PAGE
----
When they get to university they simply have not read anything of substance, tackled any issues where abstract thought is needed, and universities are having to do the job that sixth forms used to do. Sixth forms were bridges between school concrete learning and university abstract consideration.
In sixth form teaching I had wanted to introduce study skills methods but there was no time to do this and we just did forcefeeding. And I wasn't very good at it, and the students' behaviour slipped and I wasn't able to pull it back because they were so bored.
What I would do with A levels is this. Get rid of AS levels. Have less quantity of work with A levels, as much of it is entirely unnecessary and a substitute for quality. Get students always to compare and contrast, right from the beginnning. Integrate study skills into the subject. Make sure students have plenty of variety of learning. Get students to make presentations and these could be about newspaper articles and television programmes or online texts relevant to the subject. Students must write originally, and not by so much copying.
It was different in my day. I'd come through a middle stream at school, but got enough CSE grade 1s to add to my few O levels. In the sixth form teachers used to talk, and we had to follow the teacher's speech and write notes for ourselves, and then we were given essays to do and just had to do them in the library and at home (guided by the notes). We did them too. We had to answer questions in short tests and consider different viewpoints. Nobody held our hands and by the time I went to university I had a good idea how to think in order to put an essay together. I could also attend a lecture, write relevant notes (that told me the focus of the course) and have those notes go towards an essay and revision, which required my own notes from library work. University was even more a case of lecturers turning up and talking, and seminars were about students writing their own presentations for everyone to discuss. Nowadays students need additional support early in their Higher Education encounter - and this when sixth forms and colleges do the publicity that they score 100% for A level passes, which they never did when we learnt to stand on our own feet. These days statistics are everything, and everything is appearance.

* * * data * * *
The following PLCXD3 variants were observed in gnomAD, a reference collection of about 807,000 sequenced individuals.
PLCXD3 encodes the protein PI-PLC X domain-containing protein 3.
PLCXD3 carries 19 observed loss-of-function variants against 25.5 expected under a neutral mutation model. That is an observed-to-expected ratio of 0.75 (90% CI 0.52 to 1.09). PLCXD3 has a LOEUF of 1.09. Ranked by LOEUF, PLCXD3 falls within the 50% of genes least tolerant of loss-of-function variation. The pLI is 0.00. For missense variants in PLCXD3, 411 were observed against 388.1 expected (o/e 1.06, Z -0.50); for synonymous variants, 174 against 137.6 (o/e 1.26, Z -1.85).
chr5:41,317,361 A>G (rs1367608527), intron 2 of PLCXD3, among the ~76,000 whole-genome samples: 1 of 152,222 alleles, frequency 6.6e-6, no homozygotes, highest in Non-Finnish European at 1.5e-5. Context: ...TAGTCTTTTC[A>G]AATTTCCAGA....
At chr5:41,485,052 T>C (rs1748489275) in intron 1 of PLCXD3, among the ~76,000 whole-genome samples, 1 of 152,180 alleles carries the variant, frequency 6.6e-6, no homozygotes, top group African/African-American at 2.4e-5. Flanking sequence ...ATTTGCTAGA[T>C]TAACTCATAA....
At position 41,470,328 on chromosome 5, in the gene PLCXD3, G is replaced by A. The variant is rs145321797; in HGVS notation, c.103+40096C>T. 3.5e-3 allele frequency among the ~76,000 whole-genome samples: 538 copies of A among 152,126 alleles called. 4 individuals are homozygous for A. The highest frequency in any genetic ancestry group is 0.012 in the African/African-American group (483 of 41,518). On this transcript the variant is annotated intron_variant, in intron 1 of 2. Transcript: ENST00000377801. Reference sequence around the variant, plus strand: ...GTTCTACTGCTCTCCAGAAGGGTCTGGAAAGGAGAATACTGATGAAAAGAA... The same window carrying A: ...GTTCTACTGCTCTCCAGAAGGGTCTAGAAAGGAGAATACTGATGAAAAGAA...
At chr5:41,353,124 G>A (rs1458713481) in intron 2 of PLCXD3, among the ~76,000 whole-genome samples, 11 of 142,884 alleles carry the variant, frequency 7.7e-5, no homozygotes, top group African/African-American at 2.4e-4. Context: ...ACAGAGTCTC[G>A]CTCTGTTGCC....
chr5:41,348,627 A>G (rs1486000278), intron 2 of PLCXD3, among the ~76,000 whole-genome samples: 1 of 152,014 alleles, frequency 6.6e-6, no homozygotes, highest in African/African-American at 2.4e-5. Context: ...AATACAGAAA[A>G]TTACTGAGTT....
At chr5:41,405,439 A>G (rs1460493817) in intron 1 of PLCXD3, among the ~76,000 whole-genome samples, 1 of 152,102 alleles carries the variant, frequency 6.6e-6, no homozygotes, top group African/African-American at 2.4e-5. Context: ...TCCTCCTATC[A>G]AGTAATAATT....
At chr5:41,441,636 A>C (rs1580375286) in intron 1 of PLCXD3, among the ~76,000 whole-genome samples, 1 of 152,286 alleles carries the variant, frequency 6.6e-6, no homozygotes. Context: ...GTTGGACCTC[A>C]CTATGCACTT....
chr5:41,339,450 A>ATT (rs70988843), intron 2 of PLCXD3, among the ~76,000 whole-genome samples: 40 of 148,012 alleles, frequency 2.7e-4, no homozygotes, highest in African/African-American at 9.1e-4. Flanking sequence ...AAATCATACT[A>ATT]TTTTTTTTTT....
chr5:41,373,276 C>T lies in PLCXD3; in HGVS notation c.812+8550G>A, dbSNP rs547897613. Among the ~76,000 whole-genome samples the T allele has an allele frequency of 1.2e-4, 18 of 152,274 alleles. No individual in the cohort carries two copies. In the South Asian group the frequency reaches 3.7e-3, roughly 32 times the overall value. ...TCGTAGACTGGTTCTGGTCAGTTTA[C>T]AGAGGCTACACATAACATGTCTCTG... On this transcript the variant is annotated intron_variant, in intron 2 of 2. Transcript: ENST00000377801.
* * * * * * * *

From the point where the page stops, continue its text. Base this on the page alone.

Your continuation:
University lecturers do their research and lecture similar to before, but students need learning strategies and added value. They need to learn the skills of studying. Let's face it, we in the seventies and eighties could have benefited from this (I never even received research training at Ph.D level, which is now part of any funded research student's programme). I did have a higher education job that extended into study skills, and saw what such a flexible, drop-in, learning expansion could do for independence of thinking and student confidence: we had ad-hoc discussions, I attended practice presentations, I advised on writing styles and on effective reading for both paper sources and online.
So in such spirit, off I go to write an hour's service and to make sure I'm back on form with study skills strategies. I'll be back to commenting here in a week (other than posting the service). Should something unavoidable arise, I'll make only a quick comment.